“Where Do We Come From? What Are We? Where Are We Going?”
“Where Do We Come From? What Are We? Where Are We Going?” by Paul Gauguin depicts three major figure groups illustrating the questions posed in the title of this composition.
Gauguin felt strongly about this painting, he stated:
“I believe that this canvas not only surpasses all my preceding ones but that I shall never do anything better—or even like it.”
Staring with the group on the right, the three women with a child represent the beginning of life. The middle group symbolizes the daily existence of young and adulthood.
In the final group, on the left, according to the artist:
“an old woman approaching death appears reconciled and resigned to her thoughts.”
At her feet, the white bird represents the uselessness of vain words. The blue idol in the background represents what Gauguin described as “the Beyond.”
Gauguin’s post-impressionistic style is defined by the vivid use of colors and thick brushstrokes. It is impressionists with the focus on quick brushstrokes, but it aimed to convey an emotional vision.
The inscription that Gauguin wrote on the top left corner of the canvas gives the painting its title, but it has no question mark, no dash, and all words are capitalized. In the upper right, he signed and dated the painting: P. Gauguin / 1897.
Gauguin painted this canvas in Tahiti, where he went looking for a society more simple and more elemental than that of his native France. He left for Tahiti in 1891, and he painted several paintings that express his highly individualistic mythology.
Paul Gauguin was in despair when he undertook the painting, mourning the death of his favorite daughter earlier in that year. He was oppressed by debts and had planned to kill himself on finishing this painting. He subsequently made an unsuccessful attempt with an overdose of arsenic.
Later, Gauguin wrote a detailed description of the work concluding with the remark that:
“Seeing they see not, hearing they hear not.”
Paul Gauguin (1848 – 1903) was a French post-Impressionist artist who was not appreciated until after his death.
Gauguin is now recognized for his experimental use of color and the Synthetist style that were distinctly different from Impressionism.
He spent the last ten years of his life in French Polynesia, and most of his paintings from this time depict people or landscapes from that region.
His work was influential to the French avant-garde and many modern artists, such as Pablo Picasso and Henri Matisse. Gauguin’s art became famous after his death.
Gauguin was an essential figure in the Symbolist movement as a painter, sculptor, printmaker, ceramist, and writer.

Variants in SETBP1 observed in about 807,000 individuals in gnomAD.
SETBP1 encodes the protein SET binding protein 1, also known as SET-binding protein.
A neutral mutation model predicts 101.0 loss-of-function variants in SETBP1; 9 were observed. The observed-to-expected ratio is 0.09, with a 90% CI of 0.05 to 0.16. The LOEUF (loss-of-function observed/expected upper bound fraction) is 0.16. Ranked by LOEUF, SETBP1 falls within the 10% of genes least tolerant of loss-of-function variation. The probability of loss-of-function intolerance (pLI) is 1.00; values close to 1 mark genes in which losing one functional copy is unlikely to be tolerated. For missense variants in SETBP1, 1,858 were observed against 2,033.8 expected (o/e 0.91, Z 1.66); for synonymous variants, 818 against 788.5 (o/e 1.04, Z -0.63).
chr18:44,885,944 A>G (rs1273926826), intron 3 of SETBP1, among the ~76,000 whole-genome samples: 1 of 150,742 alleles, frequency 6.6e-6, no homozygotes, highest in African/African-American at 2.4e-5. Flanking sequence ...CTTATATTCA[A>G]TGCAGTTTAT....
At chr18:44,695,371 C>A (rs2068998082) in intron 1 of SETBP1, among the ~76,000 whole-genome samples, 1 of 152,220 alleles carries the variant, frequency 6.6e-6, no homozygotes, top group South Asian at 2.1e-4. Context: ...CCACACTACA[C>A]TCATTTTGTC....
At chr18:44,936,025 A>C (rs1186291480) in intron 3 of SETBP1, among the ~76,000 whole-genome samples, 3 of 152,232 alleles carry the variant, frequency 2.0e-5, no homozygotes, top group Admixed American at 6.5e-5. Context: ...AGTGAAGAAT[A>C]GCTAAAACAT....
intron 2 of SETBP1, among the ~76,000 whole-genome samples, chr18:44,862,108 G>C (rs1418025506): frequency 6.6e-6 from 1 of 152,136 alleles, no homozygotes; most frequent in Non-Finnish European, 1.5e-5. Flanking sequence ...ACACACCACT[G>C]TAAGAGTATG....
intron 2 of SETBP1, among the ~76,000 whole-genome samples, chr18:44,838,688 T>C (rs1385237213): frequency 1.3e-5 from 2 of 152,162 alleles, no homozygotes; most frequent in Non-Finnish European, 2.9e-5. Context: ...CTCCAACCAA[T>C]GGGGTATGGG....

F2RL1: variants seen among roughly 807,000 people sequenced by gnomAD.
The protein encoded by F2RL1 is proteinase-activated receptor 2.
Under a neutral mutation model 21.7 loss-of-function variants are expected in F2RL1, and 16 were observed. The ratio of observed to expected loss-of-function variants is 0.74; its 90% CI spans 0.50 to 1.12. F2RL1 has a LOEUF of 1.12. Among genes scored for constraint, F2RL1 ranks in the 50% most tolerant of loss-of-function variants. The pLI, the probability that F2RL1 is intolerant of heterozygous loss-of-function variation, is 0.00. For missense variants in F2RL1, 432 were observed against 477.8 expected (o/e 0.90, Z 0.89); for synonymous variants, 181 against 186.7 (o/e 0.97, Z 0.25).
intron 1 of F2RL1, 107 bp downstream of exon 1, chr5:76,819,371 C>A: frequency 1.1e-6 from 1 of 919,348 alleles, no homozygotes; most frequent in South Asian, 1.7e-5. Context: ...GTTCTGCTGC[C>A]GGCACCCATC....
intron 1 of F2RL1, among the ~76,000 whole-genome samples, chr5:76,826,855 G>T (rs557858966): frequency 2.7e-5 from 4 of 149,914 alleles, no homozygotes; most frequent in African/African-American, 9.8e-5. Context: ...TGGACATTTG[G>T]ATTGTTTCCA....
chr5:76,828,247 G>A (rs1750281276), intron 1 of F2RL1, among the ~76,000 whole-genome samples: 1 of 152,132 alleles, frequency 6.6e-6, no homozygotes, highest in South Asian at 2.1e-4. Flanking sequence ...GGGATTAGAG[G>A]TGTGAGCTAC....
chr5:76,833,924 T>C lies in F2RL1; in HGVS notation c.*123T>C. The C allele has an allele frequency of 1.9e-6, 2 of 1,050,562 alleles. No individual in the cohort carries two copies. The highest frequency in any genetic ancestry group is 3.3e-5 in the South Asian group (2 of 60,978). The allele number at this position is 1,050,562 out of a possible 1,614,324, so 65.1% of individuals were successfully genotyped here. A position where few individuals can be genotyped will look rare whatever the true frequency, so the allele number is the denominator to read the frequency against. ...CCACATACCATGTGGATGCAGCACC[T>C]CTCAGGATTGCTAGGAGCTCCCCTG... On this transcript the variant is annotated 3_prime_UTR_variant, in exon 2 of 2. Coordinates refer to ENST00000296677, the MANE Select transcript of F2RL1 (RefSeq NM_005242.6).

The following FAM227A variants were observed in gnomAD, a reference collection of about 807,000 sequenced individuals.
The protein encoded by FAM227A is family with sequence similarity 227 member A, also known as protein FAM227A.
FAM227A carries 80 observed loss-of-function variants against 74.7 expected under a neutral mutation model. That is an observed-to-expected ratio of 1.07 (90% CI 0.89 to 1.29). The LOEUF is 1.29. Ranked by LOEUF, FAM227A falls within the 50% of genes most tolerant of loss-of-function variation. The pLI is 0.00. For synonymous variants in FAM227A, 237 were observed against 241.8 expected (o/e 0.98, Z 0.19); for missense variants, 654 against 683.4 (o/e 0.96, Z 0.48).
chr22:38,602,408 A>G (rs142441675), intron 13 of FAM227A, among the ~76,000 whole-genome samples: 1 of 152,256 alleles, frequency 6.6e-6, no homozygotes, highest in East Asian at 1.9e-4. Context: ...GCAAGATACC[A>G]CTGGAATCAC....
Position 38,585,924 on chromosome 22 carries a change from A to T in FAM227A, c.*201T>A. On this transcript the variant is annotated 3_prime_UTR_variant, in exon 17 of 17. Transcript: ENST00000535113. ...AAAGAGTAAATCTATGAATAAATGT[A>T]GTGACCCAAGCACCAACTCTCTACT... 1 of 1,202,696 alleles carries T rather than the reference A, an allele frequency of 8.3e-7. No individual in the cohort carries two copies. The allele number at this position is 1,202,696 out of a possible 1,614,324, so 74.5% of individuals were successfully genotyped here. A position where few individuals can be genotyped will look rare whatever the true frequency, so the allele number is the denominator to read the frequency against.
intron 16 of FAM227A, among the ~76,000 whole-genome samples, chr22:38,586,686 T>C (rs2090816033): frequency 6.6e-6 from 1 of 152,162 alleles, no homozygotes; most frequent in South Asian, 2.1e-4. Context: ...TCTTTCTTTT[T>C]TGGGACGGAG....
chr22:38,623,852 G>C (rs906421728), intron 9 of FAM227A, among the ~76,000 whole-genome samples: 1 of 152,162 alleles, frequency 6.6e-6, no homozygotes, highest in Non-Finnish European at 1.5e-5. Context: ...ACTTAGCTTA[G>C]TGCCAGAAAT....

Where Do We Come From? What Are We? Where Are We Going?
- Title: Where Do We Come From? What Are We? Where Are We Going?
- French: D’où venons-nous ? Que sommes-nous ? Où allons-nous ?
- Artist: Paul Gauguin
- Year: 1897
- Medium: oil on canvas
- Dimensions: Height: 139.1 cm (54.7 in); Width: 374.6 cm (12.2 ft)
- Museum: Museum of Fine Arts, Boston
- Artist: Paul Gauguin
- Birth Name: Eugène Henri Paul Gauguin
- Born: 1848, Paris, France
- Died: 1903 (aged 54), Atuona, Marquesas Islands, French Polynesia
- Nationality: French
- Movement: Impressionism, Post-Impressionism, Primitivism
- Notable works:
- Vision after the Sermon
- Where Do We Come From? What Are We? Where Are We Going?
- Self Portraits by Paul Gauguin
- Tahitian Women
- The Dream – Courtauld Institute of Art
- Not to work – Pushkin Museum of Fine Arts
- Three Tahitians – Scottish National Gallery
- Three Tahitian Women Against a Yellow Background – Hermitage Museum
- And the Gold of their Bodies – Musée d’Orsay
- Barbarian Tales – Museum Folkwang
- The Call – Cleveland Museum of Art
- The Siesta – Metropolitan Museum of Art
- The Moon and the Earth – Museum of Modern Art
- Hail Mary – Metropolitan Museum of Art
- Two Tahitian Women With Mango Flowers – Metropolitan Museum of Art
A Virtual Tour of the Museum of Fine Arts, Boston
- ” Mrs. Fiske Warren and Her Daughter Rachel” by John Singer Sargent
- “Dance at Bougival” by Auguste Renoir
- Relief of a Winged Genie
- “The Fog Warning” by Winslow Homer
- “The Daughters of Edward Darley Boit” by John Singer Sargent
- “Madame Cézanne in a Red Armchair” by Paul Cézanne
- “Appeal to the Great Spirit” by Cyrus Edwin Dallin
- “The Slave Ship” by J. M. W. Turner
- “Poppy Field in a Hollow near Giverny” by Claude Monet
- “Discovery of Achilles on Skyros” by Nicolas Poussin
- Odysseus and Polyphemus” by Arnold Böcklin
- “The Artist in his Studio” by Rembrandt
- Where Do We Come From? What Are We? Where Are We Going? by Paul Gauguin
“I shut my eyes in order to see.”
– Paul Gauguin
Photo Credit: Paul Gauguin [Public domain]